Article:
With the move to the lockdown – and the directive that elderly people remain at home – Imbumba turned to homecare, providing meals, doing cleaning and laundry, fetching medication and essentials, and bathing those in need of assistance.
But the department stopped paying.
As Ellis reports, Baart said this was because the turn to homecare went “completely against the grain of our business funding model”. Also, the hard lockdown meant the service centres had to close, the elderly could in any event not travel to them, and caregivers had broken lockdown regulations by making home visits.
As the Daily Dispatch reports, Baart said the NGOs had no authority to provide alternative care – and so the department refused to pay.
Besides, she said, the old people live independently, government had topped up the monthly old-age grant for lockdown, and there were always the government food parcels. Only, again, Imbumba says none of its member households received any of those.
You’d swear protecting the vulnerable wasn’t an essential service – or the department’s core mandate.
It’s no wonder people are angry. The government simply continues to display the indifference allowed by the security of unassailable power, and the cloak of impunity that provides. If it isn’t resources being misdirected by out-of-touch, pig-headed paper-pushers – who themselves have been insulated from job losses and pay cuts – it’s resources being stolen outright. And all the while – as in the past – there’s a manifest lack of accountability.
It was precisely this lack of consequence that President Cyril Ramaphosa vowed to address in late August, when anger at Covid corruption began boiling over.
“Cadres of the ANC who are formally charged with corruption or other serious crimes must immediately step aside from all leadership positions in the ANC, legislatures or other government structures,” he said. And those implicated in impropriety should present themselves to the party’s integrity structures; a failure to provide a satisfactory explanation should result in suspension.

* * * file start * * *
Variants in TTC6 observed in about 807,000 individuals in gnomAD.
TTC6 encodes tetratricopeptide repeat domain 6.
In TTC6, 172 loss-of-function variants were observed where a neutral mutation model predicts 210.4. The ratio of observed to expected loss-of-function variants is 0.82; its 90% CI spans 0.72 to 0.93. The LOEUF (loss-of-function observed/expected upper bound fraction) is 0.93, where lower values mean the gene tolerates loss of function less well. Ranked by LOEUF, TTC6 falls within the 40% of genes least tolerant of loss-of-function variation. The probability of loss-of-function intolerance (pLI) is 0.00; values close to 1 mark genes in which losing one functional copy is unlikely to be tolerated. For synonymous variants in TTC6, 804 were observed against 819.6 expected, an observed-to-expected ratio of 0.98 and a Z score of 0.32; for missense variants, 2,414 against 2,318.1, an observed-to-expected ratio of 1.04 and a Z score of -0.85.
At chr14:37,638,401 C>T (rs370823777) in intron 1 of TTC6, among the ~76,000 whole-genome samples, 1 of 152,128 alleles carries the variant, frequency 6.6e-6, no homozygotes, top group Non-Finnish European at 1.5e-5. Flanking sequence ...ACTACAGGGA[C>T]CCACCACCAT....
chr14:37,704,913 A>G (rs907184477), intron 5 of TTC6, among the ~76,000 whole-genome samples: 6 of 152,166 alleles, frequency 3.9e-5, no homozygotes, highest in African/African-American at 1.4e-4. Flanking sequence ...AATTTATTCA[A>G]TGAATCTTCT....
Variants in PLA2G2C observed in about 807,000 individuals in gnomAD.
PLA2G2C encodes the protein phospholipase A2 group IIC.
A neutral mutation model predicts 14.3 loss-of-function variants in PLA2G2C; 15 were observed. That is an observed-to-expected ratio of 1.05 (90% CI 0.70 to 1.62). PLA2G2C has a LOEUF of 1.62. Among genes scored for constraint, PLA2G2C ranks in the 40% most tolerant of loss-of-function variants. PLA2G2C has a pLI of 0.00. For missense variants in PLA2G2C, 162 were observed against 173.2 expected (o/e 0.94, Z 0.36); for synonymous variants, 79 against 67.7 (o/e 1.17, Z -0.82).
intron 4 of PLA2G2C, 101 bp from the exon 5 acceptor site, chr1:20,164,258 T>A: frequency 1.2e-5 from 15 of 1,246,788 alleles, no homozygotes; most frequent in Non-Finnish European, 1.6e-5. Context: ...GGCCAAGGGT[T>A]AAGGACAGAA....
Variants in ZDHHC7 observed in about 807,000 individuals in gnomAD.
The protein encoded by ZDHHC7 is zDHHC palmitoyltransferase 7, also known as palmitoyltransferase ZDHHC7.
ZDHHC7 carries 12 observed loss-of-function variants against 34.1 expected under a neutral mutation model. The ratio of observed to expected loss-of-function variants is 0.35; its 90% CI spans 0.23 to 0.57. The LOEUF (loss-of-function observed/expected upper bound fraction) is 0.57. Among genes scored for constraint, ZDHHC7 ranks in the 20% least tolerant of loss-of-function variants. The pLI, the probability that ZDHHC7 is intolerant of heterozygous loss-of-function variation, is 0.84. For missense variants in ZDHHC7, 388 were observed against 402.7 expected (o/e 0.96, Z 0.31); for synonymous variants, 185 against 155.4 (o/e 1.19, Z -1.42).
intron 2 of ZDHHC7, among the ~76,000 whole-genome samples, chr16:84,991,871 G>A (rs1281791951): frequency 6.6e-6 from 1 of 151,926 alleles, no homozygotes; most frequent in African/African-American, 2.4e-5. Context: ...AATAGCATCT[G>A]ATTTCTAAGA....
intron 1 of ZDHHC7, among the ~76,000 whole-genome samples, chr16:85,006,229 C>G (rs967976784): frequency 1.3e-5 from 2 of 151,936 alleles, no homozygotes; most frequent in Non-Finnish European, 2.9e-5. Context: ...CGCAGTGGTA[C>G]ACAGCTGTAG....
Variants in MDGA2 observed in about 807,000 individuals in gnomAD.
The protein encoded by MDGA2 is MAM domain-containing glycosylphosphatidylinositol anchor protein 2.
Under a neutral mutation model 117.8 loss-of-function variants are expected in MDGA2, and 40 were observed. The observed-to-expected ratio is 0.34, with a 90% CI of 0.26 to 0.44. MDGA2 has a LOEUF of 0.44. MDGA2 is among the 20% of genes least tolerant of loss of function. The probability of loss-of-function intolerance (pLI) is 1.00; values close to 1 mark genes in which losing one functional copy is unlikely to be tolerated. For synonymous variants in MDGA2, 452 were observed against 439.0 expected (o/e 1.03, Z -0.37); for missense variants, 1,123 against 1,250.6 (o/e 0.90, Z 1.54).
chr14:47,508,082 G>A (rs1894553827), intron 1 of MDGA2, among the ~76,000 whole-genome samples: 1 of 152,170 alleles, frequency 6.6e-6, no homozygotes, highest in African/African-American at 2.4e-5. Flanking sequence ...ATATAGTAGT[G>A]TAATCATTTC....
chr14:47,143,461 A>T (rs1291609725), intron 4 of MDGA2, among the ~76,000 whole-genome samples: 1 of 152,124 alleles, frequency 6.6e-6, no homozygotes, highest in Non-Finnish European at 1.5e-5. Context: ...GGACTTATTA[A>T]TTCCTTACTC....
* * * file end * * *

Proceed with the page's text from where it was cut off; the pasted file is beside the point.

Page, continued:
If Ramaphosa was expecting any alacrity from dodgy deployees, and a mass falling on swords, he will have been sorely disappointed. Not one politician facing charges has stepped aside since Ramaphosa’s clarion call around corruption.
And the party’s own attempts at self-regulation have so far proved less than impressive. In Gauteng, the provincial executive committee (PEC) has balked at making any kind of decision around alleged Covid corruption involving health MEC Bandile Masuku, Joburg councillor Loyiso Masuku and presidential spokesperson Khusila Diko (in her capacity as a PEC member). Instead, it’s thrown the ball to the Special Investigating Unit.
It’s suggestive of factionalism in the PEC, Stephen Grootes argues in the Daily Maverick, and it bodes badly for accountability in the fight against corruption. The likely outcome, he believes, is that each possible case of corruption will become a long-drawn-out affair, with implications for the quality of governance, and accountability.
It’s now near on four weeks since Ramaphosa promised the “immediate” action on tainted officials.
If a week is a long time in politics, it’s apparently an eternity in the noxious morass that is the ANC.
*De Villiers is the features editor of the FM